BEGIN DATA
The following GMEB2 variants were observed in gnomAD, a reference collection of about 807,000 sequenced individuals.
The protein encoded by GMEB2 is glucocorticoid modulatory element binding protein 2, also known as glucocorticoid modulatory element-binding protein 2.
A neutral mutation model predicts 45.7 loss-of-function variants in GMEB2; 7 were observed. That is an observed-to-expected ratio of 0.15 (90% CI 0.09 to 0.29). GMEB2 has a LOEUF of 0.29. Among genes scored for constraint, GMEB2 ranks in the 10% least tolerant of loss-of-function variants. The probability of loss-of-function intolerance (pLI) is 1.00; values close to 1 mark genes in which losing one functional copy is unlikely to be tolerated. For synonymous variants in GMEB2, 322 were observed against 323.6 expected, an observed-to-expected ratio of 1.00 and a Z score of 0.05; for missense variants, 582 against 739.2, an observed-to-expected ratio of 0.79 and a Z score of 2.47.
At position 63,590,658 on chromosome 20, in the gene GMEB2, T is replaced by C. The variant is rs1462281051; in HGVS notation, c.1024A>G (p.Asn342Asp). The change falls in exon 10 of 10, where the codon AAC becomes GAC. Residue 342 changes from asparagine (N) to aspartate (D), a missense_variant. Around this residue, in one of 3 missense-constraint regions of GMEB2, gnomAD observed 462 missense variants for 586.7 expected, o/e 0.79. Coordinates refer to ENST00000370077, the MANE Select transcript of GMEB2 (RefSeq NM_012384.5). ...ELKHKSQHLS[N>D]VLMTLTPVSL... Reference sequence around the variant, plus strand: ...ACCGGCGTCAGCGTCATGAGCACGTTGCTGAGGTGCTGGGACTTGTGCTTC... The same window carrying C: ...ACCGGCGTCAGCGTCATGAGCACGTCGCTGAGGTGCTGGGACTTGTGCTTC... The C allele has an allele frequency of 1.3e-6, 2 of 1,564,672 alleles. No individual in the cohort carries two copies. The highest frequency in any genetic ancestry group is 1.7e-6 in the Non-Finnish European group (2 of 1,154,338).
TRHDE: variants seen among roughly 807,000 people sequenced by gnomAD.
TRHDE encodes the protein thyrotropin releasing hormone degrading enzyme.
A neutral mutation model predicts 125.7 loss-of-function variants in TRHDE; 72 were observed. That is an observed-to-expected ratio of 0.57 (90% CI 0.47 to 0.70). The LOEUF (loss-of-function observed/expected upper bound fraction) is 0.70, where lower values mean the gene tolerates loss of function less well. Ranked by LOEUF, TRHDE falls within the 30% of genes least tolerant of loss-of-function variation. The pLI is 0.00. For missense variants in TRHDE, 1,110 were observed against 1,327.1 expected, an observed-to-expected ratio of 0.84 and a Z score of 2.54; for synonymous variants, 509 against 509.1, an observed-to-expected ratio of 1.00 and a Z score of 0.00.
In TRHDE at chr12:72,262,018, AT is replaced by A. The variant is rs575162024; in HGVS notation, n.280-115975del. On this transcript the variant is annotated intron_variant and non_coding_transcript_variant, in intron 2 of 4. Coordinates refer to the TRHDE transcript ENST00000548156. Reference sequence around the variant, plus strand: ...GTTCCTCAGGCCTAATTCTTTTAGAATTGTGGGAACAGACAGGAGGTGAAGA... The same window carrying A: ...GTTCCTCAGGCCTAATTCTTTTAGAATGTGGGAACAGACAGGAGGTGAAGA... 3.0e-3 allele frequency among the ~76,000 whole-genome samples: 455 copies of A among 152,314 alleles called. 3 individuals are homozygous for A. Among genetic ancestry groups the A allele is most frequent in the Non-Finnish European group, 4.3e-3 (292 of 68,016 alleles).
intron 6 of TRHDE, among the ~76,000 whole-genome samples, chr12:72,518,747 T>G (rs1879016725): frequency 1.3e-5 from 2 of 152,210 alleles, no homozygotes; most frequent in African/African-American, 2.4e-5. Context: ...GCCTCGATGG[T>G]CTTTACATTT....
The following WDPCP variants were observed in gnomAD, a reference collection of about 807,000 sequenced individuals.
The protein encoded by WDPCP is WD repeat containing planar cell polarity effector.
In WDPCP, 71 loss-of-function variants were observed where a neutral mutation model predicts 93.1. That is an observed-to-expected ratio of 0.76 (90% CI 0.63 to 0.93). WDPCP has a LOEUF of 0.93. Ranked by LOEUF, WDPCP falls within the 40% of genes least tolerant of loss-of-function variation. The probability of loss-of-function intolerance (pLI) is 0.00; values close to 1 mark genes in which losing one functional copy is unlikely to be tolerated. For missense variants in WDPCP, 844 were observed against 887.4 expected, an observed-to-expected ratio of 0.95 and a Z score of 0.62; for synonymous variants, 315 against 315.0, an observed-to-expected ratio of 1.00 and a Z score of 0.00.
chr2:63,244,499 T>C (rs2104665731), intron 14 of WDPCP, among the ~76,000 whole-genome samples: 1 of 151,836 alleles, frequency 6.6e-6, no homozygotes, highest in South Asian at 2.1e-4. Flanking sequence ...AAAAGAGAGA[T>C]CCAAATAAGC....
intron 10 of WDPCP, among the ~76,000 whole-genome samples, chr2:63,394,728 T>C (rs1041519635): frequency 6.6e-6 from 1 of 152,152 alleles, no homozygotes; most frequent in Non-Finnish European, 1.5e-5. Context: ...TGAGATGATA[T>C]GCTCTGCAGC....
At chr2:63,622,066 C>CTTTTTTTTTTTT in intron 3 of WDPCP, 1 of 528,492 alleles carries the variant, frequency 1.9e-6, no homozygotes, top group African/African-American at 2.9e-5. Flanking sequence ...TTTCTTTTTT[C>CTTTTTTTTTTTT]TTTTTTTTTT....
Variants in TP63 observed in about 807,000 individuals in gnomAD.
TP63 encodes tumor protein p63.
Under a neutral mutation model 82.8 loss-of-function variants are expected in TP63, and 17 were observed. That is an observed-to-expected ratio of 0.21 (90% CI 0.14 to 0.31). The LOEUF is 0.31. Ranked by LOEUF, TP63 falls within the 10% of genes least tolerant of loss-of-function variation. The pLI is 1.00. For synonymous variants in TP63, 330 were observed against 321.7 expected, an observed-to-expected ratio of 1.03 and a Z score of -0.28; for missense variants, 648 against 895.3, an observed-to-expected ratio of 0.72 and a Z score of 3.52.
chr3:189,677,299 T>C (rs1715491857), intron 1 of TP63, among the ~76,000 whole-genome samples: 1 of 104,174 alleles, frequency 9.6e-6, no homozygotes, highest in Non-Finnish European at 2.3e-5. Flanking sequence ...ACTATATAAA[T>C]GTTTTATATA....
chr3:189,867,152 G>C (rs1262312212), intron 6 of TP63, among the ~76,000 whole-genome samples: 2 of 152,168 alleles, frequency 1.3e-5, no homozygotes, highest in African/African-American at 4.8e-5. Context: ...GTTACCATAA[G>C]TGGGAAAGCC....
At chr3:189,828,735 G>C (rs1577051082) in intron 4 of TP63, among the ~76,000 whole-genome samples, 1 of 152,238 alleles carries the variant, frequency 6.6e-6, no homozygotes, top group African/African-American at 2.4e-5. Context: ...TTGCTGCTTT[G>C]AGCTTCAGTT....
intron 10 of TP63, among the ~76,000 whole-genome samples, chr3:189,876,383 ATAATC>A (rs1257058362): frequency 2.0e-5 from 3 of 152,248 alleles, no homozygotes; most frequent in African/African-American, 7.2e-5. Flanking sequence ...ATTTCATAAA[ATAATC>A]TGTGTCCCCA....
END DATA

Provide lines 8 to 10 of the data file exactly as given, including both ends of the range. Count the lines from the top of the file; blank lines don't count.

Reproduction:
In TRHDE at chr12:72,262,018, AT is replaced by A. The variant is rs575162024; in HGVS notation, n.280-115975del. On this transcript the variant is annotated intron_variant and non_coding_transcript_variant, in intron 2 of 4. Coordinates refer to the TRHDE transcript ENST00000548156. Reference sequence around the variant, plus strand: ...GTTCCTCAGGCCTAATTCTTTTAGAATTGTGGGAACAGACAGGAGGTGAAGA... The same window carrying A: ...GTTCCTCAGGCCTAATTCTTTTAGAATGTGGGAACAGACAGGAGGTGAAGA... 3.0e-3 allele frequency among the ~76,000 whole-genome samples: 455 copies of A among 152,314 alleles called. 3 individuals are homozygous for A. Among genetic ancestry groups the A allele is most frequent in the Non-Finnish European group, 4.3e-3 (292 of 68,016 alleles).
intron 6 of TRHDE, among the ~76,000 whole-genome samples, chr12:72,518,747 T>G (rs1879016725): frequency 1.3e-5 from 2 of 152,210 alleles, no homozygotes; most frequent in African/African-American, 2.4e-5. Context: ...GCCTCGATGG[T>G]CTTTACATTT....
The following WDPCP variants were observed in gnomAD, a reference collection of about 807,000 sequenced individuals.